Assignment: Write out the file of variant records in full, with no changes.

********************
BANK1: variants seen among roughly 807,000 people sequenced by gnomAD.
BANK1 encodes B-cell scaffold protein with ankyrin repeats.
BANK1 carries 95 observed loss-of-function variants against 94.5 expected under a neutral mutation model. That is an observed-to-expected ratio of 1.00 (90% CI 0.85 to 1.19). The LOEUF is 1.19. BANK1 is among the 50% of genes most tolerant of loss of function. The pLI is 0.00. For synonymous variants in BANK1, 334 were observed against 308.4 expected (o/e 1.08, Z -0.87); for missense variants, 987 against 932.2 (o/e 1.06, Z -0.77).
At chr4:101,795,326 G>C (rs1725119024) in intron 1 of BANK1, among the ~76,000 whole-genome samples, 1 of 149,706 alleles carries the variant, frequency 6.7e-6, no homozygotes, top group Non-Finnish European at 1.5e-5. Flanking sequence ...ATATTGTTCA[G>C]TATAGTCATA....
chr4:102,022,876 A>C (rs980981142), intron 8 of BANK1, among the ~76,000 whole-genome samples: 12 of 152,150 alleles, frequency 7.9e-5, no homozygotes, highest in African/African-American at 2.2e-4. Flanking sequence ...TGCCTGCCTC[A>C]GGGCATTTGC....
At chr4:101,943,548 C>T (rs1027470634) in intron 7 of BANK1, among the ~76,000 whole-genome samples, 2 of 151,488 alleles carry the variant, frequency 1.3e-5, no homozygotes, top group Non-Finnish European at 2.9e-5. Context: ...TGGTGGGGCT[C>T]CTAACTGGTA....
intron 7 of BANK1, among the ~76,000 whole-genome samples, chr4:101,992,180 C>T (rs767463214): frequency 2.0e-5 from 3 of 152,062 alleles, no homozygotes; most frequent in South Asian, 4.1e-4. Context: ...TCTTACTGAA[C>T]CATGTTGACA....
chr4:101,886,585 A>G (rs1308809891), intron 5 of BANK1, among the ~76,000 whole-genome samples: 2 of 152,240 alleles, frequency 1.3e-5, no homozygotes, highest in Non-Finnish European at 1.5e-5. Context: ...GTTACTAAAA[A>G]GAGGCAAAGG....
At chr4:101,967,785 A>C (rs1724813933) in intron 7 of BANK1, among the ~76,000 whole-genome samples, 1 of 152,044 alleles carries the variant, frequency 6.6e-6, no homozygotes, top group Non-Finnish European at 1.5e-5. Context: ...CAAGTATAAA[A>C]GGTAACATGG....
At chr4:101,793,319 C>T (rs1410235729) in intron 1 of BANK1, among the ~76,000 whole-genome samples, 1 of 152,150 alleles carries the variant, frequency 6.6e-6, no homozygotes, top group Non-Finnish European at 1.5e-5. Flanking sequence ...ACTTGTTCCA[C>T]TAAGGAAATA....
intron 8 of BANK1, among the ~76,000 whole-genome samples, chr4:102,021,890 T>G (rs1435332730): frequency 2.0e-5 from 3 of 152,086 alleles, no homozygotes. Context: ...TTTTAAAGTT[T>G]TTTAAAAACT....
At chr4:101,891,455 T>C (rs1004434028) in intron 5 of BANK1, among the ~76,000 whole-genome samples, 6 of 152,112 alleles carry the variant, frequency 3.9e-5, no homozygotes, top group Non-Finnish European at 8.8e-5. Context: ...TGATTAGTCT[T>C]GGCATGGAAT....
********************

BANK1: variants seen among roughly 807,000 people sequenced by gnomAD.
BANK1 encodes B-cell scaffold protein with ankyrin repeats.
BANK1 carries 95 observed loss-of-function variants against 94.5 expected under a neutral mutation model. That is an observed-to-expected ratio of 1.00 (90% CI 0.85 to 1.19). The LOEUF is 1.19. BANK1 is among the 50% of genes most tolerant of loss of function. The pLI is 0.00. For synonymous variants in BANK1, 334 were observed against 308.4 expected (o/e 1.08, Z -0.87); for missense variants, 987 against 932.2 (o/e 1.06, Z -0.77).
At chr4:101,795,326 G>C (rs1725119024) in intron 1 of BANK1, among the ~76,000 whole-genome samples, 1 of 149,706 alleles carries the variant, frequency 6.7e-6, no homozygotes, top group Non-Finnish European at 1.5e-5. Flanking sequence ...ATATTGTTCA[G>C]TATAGTCATA....
chr4:102,022,876 A>C (rs980981142), intron 8 of BANK1, among the ~76,000 whole-genome samples: 12 of 152,150 alleles, frequency 7.9e-5, no homozygotes, highest in African/African-American at 2.2e-4. Flanking sequence ...TGCCTGCCTC[A>C]GGGCATTTGC....
At chr4:101,943,548 C>T (rs1027470634) in intron 7 of BANK1, among the ~76,000 whole-genome samples, 2 of 151,488 alleles carry the variant, frequency 1.3e-5, no homozygotes, top group Non-Finnish European at 2.9e-5. Context: ...TGGTGGGGCT[C>T]CTAACTGGTA....
intron 7 of BANK1, among the ~76,000 whole-genome samples, chr4:101,992,180 C>T (rs767463214): frequency 2.0e-5 from 3 of 152,062 alleles, no homozygotes; most frequent in South Asian, 4.1e-4. Context: ...TCTTACTGAA[C>T]CATGTTGACA....
chr4:101,886,585 A>G (rs1308809891), intron 5 of BANK1, among the ~76,000 whole-genome samples: 2 of 152,240 alleles, frequency 1.3e-5, no homozygotes, highest in Non-Finnish European at 1.5e-5. Context: ...GTTACTAAAA[A>G]GAGGCAAAGG....
At chr4:101,967,785 A>C (rs1724813933) in intron 7 of BANK1, among the ~76,000 whole-genome samples, 1 of 152,044 alleles carries the variant, frequency 6.6e-6, no homozygotes, top group Non-Finnish European at 1.5e-5. Context: ...CAAGTATAAA[A>C]GGTAACATGG....
At chr4:101,793,319 C>T (rs1410235729) in intron 1 of BANK1, among the ~76,000 whole-genome samples, 1 of 152,150 alleles carries the variant, frequency 6.6e-6, no homozygotes, top group Non-Finnish European at 1.5e-5. Flanking sequence ...ACTTGTTCCA[C>T]TAAGGAAATA....
intron 8 of BANK1, among the ~76,000 whole-genome samples, chr4:102,021,890 T>G (rs1435332730): frequency 2.0e-5 from 3 of 152,086 alleles, no homozygotes. Context: ...TTTTAAAGTT[T>G]TTTAAAAACT....
At chr4:101,891,455 T>C (rs1004434028) in intron 5 of BANK1, among the ~76,000 whole-genome samples, 6 of 152,112 alleles carry the variant, frequency 3.9e-5, no homozygotes, top group Non-Finnish European at 8.8e-5. Context: ...TGATTAGTCT[T>C]GGCATGGAAT....